The Unedited Truth About Romanticizing Emotional Abuse

Trigger warning: abuse

There’s a lot of damaging behaviors in relationships that we so often romanticize; we have a way of rewriting our pain so it comes off as poetic. And with emotional abuse, that’s so easy to do because of the push and pull of it. The days of heartache and misery and sleeping beneath the same sheets but existing in two very different worlds can be met with a week of absolute euphoria, grand romantic gestures and adoration.

But for those of us who have found ourselves in an abusive relationship, we know that being swept up in the chaos of it all is what keeps us in the toxic cycle. Each time they fall back on hoovering techniques to drag as back into their games, we tell ourselves they really have changed—of course they have. We gush to our friends about the wonderful dinner they cooked for us after a tough day at work, how they massaged our feet without once complaining that we never do the same for them. We post photos on social media of the roses they bought us and our favorite chocolates “just because,” when in reality, they’re apology flowers or “please don’t leave me, look, I can make an effort” flowers.

When our friends keep giving us harsh reality checks because they can see just how well he’s pulled the wool over our eyes once again, we become defensive. We repeat his words to them, telling them he’s had a difficult life, his childhood was messy and his parents never loved him enough. We tell them he didn’t mean to hurt us, we try to convince them that his tears were real when he apologized, that he’s damaged and we need to stick around to help him.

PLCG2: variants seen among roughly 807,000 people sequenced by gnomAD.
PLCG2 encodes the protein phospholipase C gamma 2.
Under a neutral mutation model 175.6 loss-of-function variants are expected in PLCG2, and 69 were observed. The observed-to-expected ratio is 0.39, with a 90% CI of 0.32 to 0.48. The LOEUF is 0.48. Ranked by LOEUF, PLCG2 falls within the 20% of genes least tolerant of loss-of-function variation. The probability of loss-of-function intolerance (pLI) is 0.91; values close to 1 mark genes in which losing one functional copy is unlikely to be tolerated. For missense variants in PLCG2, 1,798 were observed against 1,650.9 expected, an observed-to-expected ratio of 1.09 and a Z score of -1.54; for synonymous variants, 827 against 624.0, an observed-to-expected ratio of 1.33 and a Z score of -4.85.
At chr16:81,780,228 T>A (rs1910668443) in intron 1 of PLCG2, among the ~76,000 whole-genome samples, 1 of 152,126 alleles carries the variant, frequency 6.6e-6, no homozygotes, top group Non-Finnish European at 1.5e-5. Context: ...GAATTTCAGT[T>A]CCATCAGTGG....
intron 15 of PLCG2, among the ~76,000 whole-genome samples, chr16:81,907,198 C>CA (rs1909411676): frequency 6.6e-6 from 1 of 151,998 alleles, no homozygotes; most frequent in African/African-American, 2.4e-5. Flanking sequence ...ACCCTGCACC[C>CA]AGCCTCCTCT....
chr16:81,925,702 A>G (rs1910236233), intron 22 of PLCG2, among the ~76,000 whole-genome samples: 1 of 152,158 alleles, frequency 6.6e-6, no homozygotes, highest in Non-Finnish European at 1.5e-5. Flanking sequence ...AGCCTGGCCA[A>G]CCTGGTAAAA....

But in all this, in the lying to our friends and family about how much he’s changed and lying to ourselves about how hurt and afraid we really are and keeping up appearances on social media, we feel isolated and exhausted. We want so badly for it to be okay. We want to not feel broken every time he calls us crazy or insecure or overly emotional every time we simply call him out on his shit. We want to believe that this sort of thing happens in every relationship. We tell ourselves we’re just so in love and with every passionate thing, there’s bound to be blazing fights. There’s bound to be words so hurtful that no apology will ever erase them. There’s bound to be times when his anger overwhelms him and he grabs us; it’s our own fault for pushing him that far. We start to believe all of the awful things he’s told us over the years—that we are to blame and he’s just doing his best, that he’s a truly great guy for putting up with us.

In romanticizing it, we keep ourselves trapped and we keep him in control. We put this fairytale spin on something far more sinister because we can’t cope with the idea that we wasted so much time on someone so unworthy of our love.

But sweet girl, if you’re reading this and you’re here in this cycle, if you lay beside him at night and feel as if the walls are closing in on you, romanticizing it won’t make it change. Convincing yourself won’t make it so. You’re worth more. You’re worth something that doesn’t need romanticizing because it just is.

It just is. Thought Catalog Logo Mark

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